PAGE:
TIDES is located at:
Center for Technology & National Security Policy,
National Defense University
Fort Lesley J. McNair
260 5th Avenue Lincoln Hall, Suite 3600
Washington, D.C. 20319
We are available
M-F 9 am to 5 pm ETD
Staff Directory :
Assistant Research Fellow – Deputy Director, TIDES Project
Lou Elin is an Assistant Research Fellow with a focus on civil-military affairs. She also serves as The Deputy Director of the TIDES project. Lou Elin received her Master’s from The George Washington University (2008) and her Bachelor’s degree from American University.
Dr. Linton Wells II
Founder, TIDES Project
Dr. Linton Wells II is the former Director of the Center for Technology and National Security Policy (CTNSP) at National Defense University (NDU) and also is a Distinguished Research Professor. Prior to coming to NDU he served in the Office of the Secretary of Defense (OSD) from 1991 to 2007, serving last as the Principal Deputy Assistant Secretary of Defense (Networks and Information Integration). In addition, he served as the Acting Assistant Secretary and DoD Chief Information Officer for nearly two years. In twenty-six years of naval service, Dr. Wells served in a variety of surface ships, including command of a destroyer squadron and guided missile destroyer. He was graduated from the United States Naval Academy in 1967 and holds a Bachelor of Science degree in physics and oceanography. He attended graduate school at The Johns Hopkins University, receiving a Master of Science in Engineering degree in mathematical sciences and a PhD in international relations. He is also a 1983 graduate of the Japanese National Institute for Defense Studies in Tokyo, the first U.S. naval officer to attend there. He has thrice been awarded the Department of Defense Medal for Distinguished Public Service.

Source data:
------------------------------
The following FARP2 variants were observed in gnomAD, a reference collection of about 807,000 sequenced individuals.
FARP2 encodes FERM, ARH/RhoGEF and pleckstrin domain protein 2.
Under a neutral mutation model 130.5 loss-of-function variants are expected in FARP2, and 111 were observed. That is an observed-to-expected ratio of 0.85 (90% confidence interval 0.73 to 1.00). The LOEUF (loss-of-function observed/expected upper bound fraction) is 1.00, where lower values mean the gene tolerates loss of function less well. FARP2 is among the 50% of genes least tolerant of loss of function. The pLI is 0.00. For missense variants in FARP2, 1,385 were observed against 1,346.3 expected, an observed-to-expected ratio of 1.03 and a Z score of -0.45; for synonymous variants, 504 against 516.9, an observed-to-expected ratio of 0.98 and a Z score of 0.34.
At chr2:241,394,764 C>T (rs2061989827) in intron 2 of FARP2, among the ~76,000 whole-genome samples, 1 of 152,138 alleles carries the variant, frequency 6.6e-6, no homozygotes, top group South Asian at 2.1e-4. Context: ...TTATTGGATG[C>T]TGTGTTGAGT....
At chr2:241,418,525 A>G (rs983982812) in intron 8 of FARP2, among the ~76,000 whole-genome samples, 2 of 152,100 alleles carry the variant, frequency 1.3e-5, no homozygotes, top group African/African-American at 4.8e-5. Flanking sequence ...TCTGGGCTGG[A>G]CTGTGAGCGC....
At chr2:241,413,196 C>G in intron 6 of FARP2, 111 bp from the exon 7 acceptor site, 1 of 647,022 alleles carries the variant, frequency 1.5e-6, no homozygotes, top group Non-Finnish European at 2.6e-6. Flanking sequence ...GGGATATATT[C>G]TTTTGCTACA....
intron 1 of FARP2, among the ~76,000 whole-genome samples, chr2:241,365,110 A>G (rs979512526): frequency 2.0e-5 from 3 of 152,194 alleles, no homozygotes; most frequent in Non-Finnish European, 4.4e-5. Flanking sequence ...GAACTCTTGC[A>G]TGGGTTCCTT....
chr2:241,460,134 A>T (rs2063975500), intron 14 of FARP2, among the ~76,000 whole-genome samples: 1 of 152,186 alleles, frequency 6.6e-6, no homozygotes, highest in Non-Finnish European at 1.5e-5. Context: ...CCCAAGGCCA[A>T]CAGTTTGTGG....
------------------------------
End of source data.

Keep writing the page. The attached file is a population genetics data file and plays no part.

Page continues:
Director for Civil Military Activities Integration, Center for Technology and National Security Policy
David Becker works to promote cross-cutting research and knowledge sharing between the US military and civilian organizations, from other parts of the US government to non-governmental organizations or international organizations, particularly in the fields of humanitarian and disaster relief, stabilization, or development. As Senior Research Fellow at the Center for Complex Operations at the National Defense University, David Becker continued a long-held interest in “contested development” and multi-disciplinary approaches to foreign assistance. Wrapping up a year of research and promoting best practices in stabilization and counter-insurgency for the “next generation of interventions” (post Iraq and Afghanistan), he is now working on civil-military integration in difficult environments. From 2007-2010 he served at the US Embassy in Haiti as the Stabilization Coordinator, leading an experimental inter-agency DOD-funded program to restore control to violent ungoverned urban zones by tightly integrating security and development across multiple agencies and with the UN. Post-earthquake he was the senior civilian advisor to the US military commander for the largest US military-supported disaster relief deployment in history. He spent 23 years overseas as a Foreign Service officer in countries with weak governance, active insurgencies and transnational criminal networks. Eight of those years were supervising large USG-funded security and counter-narcotics efforts in Guatemala (1992-1996) and Colombia (1997-2001). He also served in Ethiopia, Burkina Faso, El Salvador, Honduras and even Miami (as a senior level advisor to a major telecom company’s overseas operations). From 2004-2006 he was the Foreign Policy Advisor to the TRANSCOM Combatant Commander, supporting the command’s transformation to new public-private operations in difficult global locations. A 2004 graduate of the National War College Masters program, he has published several articles on counterinsurgency, stabilization and complex and contested development.